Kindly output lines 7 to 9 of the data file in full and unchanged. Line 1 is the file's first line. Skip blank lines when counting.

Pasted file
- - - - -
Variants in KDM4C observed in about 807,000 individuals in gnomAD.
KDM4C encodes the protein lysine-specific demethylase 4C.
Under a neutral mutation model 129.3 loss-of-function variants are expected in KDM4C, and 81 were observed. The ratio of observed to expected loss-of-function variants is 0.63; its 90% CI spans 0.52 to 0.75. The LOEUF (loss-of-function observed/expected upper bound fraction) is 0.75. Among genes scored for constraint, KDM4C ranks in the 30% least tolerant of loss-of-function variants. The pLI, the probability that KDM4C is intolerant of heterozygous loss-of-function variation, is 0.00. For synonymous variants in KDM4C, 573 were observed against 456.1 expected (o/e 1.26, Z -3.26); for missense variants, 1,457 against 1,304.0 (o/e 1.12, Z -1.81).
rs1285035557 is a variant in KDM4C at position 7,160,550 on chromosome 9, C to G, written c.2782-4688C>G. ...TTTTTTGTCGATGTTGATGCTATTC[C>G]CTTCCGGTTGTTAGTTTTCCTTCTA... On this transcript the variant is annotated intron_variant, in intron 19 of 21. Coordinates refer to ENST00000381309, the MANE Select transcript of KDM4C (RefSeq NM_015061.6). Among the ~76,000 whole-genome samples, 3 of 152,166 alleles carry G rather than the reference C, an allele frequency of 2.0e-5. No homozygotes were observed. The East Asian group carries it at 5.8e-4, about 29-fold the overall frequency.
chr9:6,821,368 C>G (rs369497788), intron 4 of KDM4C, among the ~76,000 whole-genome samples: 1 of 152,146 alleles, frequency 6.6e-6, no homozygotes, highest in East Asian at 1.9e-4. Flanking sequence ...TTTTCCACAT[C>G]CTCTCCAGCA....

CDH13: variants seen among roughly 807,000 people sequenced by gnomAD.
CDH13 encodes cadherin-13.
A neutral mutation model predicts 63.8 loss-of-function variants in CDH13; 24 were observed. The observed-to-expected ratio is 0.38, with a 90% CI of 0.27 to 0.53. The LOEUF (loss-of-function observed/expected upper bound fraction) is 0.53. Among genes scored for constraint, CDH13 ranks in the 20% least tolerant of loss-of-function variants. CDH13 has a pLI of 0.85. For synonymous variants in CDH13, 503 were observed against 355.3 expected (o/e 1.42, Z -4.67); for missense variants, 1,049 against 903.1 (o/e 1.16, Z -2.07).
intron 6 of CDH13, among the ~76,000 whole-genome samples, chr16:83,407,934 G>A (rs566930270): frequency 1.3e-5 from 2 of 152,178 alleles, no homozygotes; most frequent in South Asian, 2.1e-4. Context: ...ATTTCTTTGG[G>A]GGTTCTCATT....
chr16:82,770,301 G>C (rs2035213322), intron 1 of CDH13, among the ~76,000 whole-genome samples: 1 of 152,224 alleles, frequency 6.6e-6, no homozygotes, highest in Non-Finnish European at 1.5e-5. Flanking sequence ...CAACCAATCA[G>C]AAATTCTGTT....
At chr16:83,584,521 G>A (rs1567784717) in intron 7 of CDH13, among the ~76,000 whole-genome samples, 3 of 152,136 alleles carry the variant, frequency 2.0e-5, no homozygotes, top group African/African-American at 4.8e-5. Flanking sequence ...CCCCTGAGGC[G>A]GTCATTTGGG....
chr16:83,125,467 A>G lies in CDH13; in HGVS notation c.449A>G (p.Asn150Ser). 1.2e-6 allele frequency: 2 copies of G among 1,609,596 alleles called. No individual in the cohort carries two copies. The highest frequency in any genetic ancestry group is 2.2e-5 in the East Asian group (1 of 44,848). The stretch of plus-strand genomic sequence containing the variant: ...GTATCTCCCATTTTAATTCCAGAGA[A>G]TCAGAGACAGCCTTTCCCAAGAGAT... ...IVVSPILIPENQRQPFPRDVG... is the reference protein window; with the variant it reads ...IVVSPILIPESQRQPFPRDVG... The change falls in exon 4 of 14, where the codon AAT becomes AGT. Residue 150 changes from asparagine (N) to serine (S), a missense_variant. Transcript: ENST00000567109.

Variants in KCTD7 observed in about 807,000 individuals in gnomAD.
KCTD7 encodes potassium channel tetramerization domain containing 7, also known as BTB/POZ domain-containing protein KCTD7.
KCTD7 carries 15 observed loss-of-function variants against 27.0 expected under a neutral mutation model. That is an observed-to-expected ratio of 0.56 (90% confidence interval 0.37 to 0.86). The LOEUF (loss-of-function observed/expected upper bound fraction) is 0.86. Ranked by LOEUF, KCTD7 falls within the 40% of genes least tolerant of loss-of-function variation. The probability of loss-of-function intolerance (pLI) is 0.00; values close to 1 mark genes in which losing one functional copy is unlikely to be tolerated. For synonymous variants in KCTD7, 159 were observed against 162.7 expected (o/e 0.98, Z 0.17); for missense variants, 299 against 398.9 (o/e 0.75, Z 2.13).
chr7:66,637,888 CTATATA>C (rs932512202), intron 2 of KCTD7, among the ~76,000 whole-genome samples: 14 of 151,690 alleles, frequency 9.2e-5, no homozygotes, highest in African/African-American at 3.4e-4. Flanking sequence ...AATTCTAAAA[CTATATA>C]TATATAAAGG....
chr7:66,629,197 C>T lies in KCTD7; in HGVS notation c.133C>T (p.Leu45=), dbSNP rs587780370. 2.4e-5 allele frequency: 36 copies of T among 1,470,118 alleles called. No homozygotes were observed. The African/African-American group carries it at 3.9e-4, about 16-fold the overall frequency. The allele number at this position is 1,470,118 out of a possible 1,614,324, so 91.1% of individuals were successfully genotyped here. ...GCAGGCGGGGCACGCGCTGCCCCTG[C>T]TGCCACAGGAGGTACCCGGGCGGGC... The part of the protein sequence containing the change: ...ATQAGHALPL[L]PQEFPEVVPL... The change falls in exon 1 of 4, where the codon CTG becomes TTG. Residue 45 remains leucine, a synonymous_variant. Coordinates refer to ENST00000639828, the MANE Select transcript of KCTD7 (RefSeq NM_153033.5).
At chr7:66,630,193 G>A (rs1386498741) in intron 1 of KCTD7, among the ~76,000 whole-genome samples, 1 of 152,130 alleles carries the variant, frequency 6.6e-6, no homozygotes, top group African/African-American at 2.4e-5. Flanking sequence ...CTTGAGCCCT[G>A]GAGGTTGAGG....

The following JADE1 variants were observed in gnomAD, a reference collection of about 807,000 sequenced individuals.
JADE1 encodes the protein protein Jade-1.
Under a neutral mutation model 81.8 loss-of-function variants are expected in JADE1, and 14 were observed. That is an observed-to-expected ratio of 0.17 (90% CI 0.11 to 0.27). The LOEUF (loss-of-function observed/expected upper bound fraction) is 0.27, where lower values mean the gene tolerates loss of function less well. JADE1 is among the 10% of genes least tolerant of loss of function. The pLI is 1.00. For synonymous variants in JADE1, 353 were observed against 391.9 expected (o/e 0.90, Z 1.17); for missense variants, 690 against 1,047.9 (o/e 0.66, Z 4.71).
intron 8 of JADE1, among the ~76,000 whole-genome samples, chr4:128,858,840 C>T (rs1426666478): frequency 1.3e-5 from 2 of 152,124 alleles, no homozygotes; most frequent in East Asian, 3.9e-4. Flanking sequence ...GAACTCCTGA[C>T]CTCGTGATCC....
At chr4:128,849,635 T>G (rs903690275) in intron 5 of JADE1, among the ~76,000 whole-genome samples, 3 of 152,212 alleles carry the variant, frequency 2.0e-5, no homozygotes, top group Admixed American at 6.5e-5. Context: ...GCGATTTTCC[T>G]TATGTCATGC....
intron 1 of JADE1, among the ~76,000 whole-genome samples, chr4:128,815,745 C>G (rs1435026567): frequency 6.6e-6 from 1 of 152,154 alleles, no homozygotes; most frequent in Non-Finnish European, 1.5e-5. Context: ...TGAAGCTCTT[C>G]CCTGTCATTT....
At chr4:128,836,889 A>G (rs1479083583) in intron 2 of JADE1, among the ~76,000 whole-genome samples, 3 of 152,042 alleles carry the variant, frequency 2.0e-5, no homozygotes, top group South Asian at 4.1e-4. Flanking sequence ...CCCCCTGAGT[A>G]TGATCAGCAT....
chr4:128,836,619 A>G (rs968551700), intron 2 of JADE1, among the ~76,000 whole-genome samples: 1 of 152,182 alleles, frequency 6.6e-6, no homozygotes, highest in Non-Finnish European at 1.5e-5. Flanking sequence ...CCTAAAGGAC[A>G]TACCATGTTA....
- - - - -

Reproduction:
CDH13 encodes cadherin-13.
A neutral mutation model predicts 63.8 loss-of-function variants in CDH13; 24 were observed. The observed-to-expected ratio is 0.38, with a 90% CI of 0.27 to 0.53. The LOEUF (loss-of-function observed/expected upper bound fraction) is 0.53. Among genes scored for constraint, CDH13 ranks in the 20% least tolerant of loss-of-function variants. CDH13 has a pLI of 0.85. For synonymous variants in CDH13, 503 were observed against 355.3 expected (o/e 1.42, Z -4.67); for missense variants, 1,049 against 903.1 (o/e 1.16, Z -2.07).
intron 6 of CDH13, among the ~76,000 whole-genome samples, chr16:83,407,934 G>A (rs566930270): frequency 1.3e-5 from 2 of 152,178 alleles, no homozygotes; most frequent in South Asian, 2.1e-4. Context: ...ATTTCTTTGG[G>A]GGTTCTCATT....